Donald and Harry, I like your saws. The band saw has gap enough to cut deep in the log. The blade can cut at, or below, the center of a big log. That is good if you want to quarter cut a big log.
I see the nails that John found now, in the second set of pictures. In the lower right corner of the bottom picture. Those blue stains showing on the upper face are typical of metal in wood, especially acidic oaks.
If they are small, you might not notice, as a good sharp blade will saw through one or two of them. But as they do, the metal bits adhere to the edge of the teeth, and will prevent them from cutting the wood properly.
A large piece of metal will almost certainly destroy the blade, though -- bust teeth, etc. And if that happens, you're saw will scream, then slow down as the blade dips or rises in the cut and goes haywire!
IF this happens, it's helpful to have chainsaw nearby so you can cut the log and get to the blade. Or a pair of tin snips, so you can cut the blade out of the log.
I know you mentioned going through 3 blades, which seemed odd since this log is 200 bf or so, and you should get at least 500 bf out of a good sharp blade. But now that the metal is showing, the problem with blade life is obvious.
This wasn't enough metal to totally destroy the blade, and if you sharpen those blades you'll probably get more life out of them.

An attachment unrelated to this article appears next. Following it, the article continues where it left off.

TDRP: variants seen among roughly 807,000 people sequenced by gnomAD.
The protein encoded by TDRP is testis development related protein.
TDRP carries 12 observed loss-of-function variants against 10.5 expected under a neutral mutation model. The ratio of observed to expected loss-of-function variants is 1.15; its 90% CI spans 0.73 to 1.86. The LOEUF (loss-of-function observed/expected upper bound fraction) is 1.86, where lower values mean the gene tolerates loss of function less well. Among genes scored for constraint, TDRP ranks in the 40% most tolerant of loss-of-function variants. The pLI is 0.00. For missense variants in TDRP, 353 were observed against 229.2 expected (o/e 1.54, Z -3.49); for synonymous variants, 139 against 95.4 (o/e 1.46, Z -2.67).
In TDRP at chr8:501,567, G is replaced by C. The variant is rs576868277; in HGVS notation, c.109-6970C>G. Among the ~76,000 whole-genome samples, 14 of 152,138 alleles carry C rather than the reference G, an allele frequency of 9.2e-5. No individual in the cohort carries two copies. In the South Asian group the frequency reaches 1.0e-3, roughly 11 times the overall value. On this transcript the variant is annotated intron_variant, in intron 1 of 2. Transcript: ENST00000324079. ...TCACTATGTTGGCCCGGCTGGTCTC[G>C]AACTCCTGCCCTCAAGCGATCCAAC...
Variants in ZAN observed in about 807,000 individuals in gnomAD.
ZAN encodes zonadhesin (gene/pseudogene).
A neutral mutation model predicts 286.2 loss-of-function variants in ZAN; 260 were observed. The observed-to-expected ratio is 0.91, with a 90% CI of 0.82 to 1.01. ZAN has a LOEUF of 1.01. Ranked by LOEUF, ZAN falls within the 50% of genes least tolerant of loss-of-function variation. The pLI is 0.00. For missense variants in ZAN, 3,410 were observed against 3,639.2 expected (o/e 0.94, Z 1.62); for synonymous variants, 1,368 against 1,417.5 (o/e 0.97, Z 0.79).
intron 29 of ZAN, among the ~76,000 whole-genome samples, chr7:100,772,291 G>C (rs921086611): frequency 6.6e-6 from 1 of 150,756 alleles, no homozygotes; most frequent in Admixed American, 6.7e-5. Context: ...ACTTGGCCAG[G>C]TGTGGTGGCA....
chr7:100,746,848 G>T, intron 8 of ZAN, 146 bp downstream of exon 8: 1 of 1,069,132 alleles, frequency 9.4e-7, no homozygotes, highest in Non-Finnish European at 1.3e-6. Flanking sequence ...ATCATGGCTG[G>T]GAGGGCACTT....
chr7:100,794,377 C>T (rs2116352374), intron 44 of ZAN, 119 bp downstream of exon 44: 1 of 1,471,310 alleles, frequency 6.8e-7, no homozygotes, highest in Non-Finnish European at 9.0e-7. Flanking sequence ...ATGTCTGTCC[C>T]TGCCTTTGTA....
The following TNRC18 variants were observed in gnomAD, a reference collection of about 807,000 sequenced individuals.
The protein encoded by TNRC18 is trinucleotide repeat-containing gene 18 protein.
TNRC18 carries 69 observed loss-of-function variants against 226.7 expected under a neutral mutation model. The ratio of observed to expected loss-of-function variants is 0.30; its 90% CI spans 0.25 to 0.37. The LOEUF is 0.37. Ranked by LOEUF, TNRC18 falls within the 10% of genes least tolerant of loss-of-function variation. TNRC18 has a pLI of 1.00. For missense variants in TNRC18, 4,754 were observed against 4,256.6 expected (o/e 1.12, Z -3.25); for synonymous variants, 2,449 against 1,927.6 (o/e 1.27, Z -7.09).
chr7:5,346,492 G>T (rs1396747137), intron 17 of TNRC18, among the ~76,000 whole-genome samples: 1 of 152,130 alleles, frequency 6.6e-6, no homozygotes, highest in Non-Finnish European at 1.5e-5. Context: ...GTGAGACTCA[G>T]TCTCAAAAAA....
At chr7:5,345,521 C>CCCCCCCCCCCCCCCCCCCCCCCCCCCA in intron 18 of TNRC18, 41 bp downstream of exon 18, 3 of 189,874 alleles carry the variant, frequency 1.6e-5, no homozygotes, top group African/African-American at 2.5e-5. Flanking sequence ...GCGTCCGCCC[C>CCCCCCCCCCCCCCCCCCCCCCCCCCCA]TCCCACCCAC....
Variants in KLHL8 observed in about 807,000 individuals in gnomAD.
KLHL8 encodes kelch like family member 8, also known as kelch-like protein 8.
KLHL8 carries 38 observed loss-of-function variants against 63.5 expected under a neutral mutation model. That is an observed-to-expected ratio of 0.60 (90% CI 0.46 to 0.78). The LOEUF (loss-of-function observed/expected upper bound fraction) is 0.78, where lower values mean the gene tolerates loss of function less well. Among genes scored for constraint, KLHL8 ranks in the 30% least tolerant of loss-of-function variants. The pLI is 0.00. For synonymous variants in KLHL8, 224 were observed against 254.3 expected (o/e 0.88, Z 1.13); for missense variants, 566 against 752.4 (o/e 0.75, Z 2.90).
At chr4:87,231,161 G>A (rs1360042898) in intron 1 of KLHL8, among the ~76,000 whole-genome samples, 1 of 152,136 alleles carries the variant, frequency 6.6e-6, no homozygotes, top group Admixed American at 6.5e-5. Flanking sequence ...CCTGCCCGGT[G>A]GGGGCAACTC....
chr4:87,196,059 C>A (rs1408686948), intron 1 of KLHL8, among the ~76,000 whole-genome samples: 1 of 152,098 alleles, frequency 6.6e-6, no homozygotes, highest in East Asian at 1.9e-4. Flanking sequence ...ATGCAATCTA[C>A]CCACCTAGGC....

While sawing, I can usually recognize a small nail or metal in the log by sound. Even through ear plugs or muffs, a high pitched 'zzzzziiiiipppp' can be heard when you are moving through one. If you hear that, shut the mill down, pull the blade out of the cut, and inspect the blade closely. You'll probably find some metal fragments from the nails on a number of the leading edges of the teeth. If you use a screwdriver or flat metal file, you can scrape these off and remove them, by running it up from the gullet of the tooth, past the edge. This is a way to save a blade to saw with a little longer if you don't have extra blades.
Fortunately, you had some extra blades with you, which was a real good thing to have. Good thinking!
The person who gets this wood will want to plane it at some point, so do them a favor and tell them about those nails, and to remove them before they go through the planer / jointer. That will save them some time and aggravation which I'd bet they will appreciate.
Wow good stuff, Nails I didn't see them but they are inside the tree so how would you. Yes, I heard some different sounds while cutting, its making sense now. I was thinking that the seasoned oak was just that hard. I guess that's having nails in the log happens a lot? I have a lot to learn! Thanks